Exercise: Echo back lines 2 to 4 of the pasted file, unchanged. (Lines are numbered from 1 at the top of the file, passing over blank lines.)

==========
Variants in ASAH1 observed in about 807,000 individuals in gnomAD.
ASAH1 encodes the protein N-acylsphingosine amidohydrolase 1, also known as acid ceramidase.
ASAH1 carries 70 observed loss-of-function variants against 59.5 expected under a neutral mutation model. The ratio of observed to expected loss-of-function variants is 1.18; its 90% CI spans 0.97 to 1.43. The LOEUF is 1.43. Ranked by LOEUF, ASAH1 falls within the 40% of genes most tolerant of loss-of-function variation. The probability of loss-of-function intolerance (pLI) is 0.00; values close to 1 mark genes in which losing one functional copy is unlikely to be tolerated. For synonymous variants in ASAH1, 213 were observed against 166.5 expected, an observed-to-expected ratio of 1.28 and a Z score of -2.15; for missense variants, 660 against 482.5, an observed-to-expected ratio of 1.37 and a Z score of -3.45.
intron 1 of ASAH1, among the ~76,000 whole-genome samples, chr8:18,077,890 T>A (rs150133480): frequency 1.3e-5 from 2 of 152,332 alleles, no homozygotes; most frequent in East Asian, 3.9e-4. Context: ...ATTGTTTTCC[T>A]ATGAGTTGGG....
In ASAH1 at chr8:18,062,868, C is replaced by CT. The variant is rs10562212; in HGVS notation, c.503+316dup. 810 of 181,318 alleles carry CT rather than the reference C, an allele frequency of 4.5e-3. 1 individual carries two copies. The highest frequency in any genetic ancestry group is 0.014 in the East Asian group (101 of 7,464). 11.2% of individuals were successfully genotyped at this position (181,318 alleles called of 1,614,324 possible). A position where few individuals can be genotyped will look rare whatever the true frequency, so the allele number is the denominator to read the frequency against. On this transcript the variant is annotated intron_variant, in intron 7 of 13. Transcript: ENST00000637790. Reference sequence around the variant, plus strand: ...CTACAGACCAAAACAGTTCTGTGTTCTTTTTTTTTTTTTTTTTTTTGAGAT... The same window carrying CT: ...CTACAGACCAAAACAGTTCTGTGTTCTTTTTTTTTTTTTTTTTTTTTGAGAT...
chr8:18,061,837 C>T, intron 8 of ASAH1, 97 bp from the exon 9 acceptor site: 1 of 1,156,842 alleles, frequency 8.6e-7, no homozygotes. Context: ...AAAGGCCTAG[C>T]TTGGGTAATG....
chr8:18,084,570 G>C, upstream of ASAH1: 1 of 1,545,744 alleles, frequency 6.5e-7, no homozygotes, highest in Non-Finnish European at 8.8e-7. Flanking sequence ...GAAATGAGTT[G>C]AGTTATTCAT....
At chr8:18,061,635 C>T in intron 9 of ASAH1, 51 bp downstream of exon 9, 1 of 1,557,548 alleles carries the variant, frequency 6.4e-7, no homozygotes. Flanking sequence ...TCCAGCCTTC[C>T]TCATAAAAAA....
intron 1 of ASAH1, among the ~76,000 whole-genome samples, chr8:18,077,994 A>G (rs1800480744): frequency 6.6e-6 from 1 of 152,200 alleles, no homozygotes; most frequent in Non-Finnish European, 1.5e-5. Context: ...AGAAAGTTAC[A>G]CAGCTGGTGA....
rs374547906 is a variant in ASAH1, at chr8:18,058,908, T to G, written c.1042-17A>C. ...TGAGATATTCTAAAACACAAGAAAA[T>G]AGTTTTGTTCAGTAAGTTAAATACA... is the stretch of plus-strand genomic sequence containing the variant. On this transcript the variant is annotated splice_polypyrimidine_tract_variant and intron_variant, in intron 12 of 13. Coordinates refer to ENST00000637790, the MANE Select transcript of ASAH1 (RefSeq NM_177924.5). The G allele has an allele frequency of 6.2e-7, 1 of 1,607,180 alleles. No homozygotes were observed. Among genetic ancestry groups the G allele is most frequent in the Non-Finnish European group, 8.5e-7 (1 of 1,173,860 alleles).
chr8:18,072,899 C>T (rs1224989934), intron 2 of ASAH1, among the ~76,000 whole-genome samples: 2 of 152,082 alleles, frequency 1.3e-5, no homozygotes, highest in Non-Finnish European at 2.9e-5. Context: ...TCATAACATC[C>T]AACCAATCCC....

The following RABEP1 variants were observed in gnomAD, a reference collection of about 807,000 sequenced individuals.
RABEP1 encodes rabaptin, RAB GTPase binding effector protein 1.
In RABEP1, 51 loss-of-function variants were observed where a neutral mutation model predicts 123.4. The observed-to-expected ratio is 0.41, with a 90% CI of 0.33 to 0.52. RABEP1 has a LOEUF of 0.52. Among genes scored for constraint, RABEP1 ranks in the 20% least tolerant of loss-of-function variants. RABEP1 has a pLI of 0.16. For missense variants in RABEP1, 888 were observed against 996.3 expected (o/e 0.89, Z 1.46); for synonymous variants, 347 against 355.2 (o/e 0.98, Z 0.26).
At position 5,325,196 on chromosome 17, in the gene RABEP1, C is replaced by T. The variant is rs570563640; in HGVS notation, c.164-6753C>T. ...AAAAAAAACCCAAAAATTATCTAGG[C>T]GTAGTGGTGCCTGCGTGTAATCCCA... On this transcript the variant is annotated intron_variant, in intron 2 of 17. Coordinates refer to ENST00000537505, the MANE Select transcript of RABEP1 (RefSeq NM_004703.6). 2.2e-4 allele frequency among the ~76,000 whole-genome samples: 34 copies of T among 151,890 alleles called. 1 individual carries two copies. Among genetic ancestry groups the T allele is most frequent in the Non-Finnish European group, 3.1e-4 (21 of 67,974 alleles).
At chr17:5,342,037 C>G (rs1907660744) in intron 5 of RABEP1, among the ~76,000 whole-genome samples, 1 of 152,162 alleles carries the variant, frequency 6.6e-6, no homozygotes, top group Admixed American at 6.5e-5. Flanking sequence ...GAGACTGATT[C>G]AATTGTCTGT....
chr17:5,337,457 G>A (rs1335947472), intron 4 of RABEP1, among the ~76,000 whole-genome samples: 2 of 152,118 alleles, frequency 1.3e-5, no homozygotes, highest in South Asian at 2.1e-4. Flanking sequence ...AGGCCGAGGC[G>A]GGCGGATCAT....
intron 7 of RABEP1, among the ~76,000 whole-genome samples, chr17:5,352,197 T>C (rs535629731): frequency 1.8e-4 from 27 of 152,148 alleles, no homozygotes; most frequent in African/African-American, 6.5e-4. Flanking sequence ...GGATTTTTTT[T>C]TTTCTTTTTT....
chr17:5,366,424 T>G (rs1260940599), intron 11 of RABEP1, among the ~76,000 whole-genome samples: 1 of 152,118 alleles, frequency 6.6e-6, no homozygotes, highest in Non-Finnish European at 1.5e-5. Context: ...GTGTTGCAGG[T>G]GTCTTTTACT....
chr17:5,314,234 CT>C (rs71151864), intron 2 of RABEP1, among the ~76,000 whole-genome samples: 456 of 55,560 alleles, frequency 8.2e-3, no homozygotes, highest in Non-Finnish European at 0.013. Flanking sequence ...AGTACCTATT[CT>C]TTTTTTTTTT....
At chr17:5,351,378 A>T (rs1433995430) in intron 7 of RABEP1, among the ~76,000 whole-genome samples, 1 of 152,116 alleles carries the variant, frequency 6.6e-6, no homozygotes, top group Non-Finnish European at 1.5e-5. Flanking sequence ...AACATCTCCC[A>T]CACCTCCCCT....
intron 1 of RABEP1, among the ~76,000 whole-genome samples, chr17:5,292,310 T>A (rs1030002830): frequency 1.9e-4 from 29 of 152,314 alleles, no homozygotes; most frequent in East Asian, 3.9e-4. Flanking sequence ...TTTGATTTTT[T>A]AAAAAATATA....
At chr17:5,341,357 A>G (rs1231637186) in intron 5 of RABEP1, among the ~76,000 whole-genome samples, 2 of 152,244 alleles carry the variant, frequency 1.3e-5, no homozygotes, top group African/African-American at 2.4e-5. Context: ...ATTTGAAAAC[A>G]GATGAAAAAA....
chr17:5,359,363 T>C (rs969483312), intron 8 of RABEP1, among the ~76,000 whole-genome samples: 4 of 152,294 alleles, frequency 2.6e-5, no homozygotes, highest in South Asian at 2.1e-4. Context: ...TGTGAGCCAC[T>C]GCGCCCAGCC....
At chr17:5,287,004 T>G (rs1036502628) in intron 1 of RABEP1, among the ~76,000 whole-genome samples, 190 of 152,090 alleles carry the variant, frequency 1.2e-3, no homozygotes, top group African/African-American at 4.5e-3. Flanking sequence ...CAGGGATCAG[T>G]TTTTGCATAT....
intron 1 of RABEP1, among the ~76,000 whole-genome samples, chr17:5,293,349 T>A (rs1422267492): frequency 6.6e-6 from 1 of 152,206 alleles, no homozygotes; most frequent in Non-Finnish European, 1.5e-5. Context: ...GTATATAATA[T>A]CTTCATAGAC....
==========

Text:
ASAH1 encodes the protein N-acylsphingosine amidohydrolase 1, also known as acid ceramidase.
ASAH1 carries 70 observed loss-of-function variants against 59.5 expected under a neutral mutation model. The ratio of observed to expected loss-of-function variants is 1.18; its 90% CI spans 0.97 to 1.43. The LOEUF is 1.43. Ranked by LOEUF, ASAH1 falls within the 40% of genes most tolerant of loss-of-function variation. The probability of loss-of-function intolerance (pLI) is 0.00; values close to 1 mark genes in which losing one functional copy is unlikely to be tolerated. For synonymous variants in ASAH1, 213 were observed against 166.5 expected, an observed-to-expected ratio of 1.28 and a Z score of -2.15; for missense variants, 660 against 482.5, an observed-to-expected ratio of 1.37 and a Z score of -3.45.
intron 1 of ASAH1, among the ~76,000 whole-genome samples, chr8:18,077,890 T>A (rs150133480): frequency 1.3e-5 from 2 of 152,332 alleles, no homozygotes; most frequent in East Asian, 3.9e-4. Context: ...ATTGTTTTCC[T>A]ATGAGTTGGG....